However, this approach has several limitations. Most NTCP models are based on physician-reported toxicities, which are known to be underreported and are based on single institutional experience. Also, most models are based on patients treated with IMRT with conventional dose per fraction. Extrapolation of these models to hypofractionation and for proton therapy may introduce inaccuracies [43]. It has also been seen that with use of variable RBE values, there could be a significant under- or overestimation of toxicities [44]. Since the models used in our study are based on prostate-only RT, they may not have truly captured the impact of reduction in intermediate doses to OAR by PBT. This emphasizes the need for more reliable and long-term prospective or retrospective data of representative cohorts to build robust multivariable NTCP models. These models will also need to be externally validated before they can be used for making clinical decisions on a day-to-day basis [45].

On dosimetric comparison between HT and pencil-beam scanning PBT for high-risk prostate cancer patients requiring PNI, PBT plans were dosimetrically superior with respect to bladder and rectal doses, especially in the range of 15 to 40 Gy. Based on the dose-volume parameters achieved in this study, PBT plans predicted lower mild-to-moderate GU and GI toxicities compared with HT plans. For two-thirds of our patients, the difference in estimated absolute NTCP values between PBT and HT crossed the accepted threshold for minimal clinically important difference.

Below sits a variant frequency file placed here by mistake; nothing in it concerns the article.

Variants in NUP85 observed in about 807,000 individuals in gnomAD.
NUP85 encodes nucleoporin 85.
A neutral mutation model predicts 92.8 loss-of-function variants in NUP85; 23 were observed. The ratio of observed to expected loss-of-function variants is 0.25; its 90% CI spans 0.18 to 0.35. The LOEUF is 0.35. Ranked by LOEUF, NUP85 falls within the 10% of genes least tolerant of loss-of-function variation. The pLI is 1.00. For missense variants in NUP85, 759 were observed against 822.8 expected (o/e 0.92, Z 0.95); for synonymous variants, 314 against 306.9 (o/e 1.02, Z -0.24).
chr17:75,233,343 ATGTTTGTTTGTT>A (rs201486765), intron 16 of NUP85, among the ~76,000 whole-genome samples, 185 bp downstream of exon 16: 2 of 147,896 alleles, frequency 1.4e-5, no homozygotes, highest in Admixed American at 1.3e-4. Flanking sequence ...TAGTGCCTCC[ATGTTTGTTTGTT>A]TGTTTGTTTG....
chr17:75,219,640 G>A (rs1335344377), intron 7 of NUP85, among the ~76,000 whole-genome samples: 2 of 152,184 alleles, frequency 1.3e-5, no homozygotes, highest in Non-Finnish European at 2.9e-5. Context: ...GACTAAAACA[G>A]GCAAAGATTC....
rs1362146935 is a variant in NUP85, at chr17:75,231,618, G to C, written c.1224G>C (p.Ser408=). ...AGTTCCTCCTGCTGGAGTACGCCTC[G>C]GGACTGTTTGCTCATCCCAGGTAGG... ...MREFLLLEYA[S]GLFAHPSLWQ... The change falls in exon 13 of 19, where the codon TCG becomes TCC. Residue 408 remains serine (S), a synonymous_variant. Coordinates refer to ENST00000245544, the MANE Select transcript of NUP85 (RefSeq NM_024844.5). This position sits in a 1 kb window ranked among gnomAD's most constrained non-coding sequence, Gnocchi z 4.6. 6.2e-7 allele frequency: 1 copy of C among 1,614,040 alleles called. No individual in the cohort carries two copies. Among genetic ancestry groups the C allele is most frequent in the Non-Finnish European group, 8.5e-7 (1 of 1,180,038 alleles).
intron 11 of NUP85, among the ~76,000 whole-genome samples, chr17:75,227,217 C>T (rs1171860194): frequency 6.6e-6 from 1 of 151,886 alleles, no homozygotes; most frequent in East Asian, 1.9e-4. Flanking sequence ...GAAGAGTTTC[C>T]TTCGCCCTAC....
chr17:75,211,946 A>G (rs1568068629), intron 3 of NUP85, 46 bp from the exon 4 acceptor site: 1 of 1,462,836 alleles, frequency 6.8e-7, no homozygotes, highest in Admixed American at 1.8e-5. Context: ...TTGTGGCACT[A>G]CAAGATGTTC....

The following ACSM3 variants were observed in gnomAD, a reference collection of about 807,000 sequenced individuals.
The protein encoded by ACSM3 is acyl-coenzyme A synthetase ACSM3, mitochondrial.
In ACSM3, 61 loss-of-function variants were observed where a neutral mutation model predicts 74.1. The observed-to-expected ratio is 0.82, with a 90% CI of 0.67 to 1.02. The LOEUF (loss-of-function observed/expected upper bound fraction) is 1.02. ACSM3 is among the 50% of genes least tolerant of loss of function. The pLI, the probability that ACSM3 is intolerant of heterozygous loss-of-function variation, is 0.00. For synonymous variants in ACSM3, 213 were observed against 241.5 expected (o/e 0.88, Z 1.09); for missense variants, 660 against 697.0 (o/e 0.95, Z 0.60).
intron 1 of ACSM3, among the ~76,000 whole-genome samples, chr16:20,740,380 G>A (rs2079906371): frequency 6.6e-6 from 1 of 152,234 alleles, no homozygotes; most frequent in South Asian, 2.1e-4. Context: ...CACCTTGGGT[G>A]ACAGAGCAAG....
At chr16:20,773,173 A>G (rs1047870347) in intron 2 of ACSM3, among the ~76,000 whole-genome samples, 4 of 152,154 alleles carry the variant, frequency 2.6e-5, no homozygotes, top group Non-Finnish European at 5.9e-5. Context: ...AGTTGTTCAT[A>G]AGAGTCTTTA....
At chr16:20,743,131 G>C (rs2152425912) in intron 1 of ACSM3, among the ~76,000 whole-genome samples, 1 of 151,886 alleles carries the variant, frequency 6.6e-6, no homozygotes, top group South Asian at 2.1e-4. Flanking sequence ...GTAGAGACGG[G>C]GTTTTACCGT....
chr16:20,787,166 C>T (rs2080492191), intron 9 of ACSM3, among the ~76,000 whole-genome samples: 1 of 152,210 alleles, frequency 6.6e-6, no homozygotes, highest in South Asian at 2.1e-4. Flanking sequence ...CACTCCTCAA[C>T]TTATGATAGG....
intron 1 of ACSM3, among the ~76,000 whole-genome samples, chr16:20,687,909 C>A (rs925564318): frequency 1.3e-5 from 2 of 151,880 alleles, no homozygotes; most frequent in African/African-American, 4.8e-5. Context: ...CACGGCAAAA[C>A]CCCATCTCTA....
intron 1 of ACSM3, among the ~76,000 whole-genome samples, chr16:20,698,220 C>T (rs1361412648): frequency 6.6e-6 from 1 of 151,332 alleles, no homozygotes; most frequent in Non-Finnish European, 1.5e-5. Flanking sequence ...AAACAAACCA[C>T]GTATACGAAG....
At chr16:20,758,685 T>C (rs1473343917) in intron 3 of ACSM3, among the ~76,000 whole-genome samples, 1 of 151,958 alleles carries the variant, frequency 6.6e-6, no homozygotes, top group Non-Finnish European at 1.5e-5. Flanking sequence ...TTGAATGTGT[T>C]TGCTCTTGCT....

CRediT: Srinivas Chilukuri: conceptualization, data curation, formal analysis, investigation, methodology, validation, writing – reviewing and editing. Sham Sundar: conceptualization, data curation, formal analysis, investigation, methodology, validation, writing – reviewing and editing. Kartikeswar Patro: data curation, formal analysis, investigation, methodology, validation. Mayur Sawant: data curation, formal analysis, investigation, methodology, validation. Rangasamy Sivaraman: data curation, formal analysis, investigation, methodology, validation. Manikandan Arjunan: data curation, formal analysis, investigation, methodology, validation. Pankaj Kumar Panda: writing – reviewing and editing, data analysis and validation, writing. Dayananda Sharma: supervision, validation. Rakesh Jalali: supervision, validation.

Conflicts of Interest: Srinivas Chilukuri, MD, has received a speaker honorarium from Astra Zeneca, maintains a leadership role in Optimus Oncology, and owns stock in Optimus Oncology. The authors have no other conflicts of interest to disclose.

Funding: The authors have no funding to disclose.

Ethical Approval: All patient data have been collected under an institutional ethics committee–approved protocol.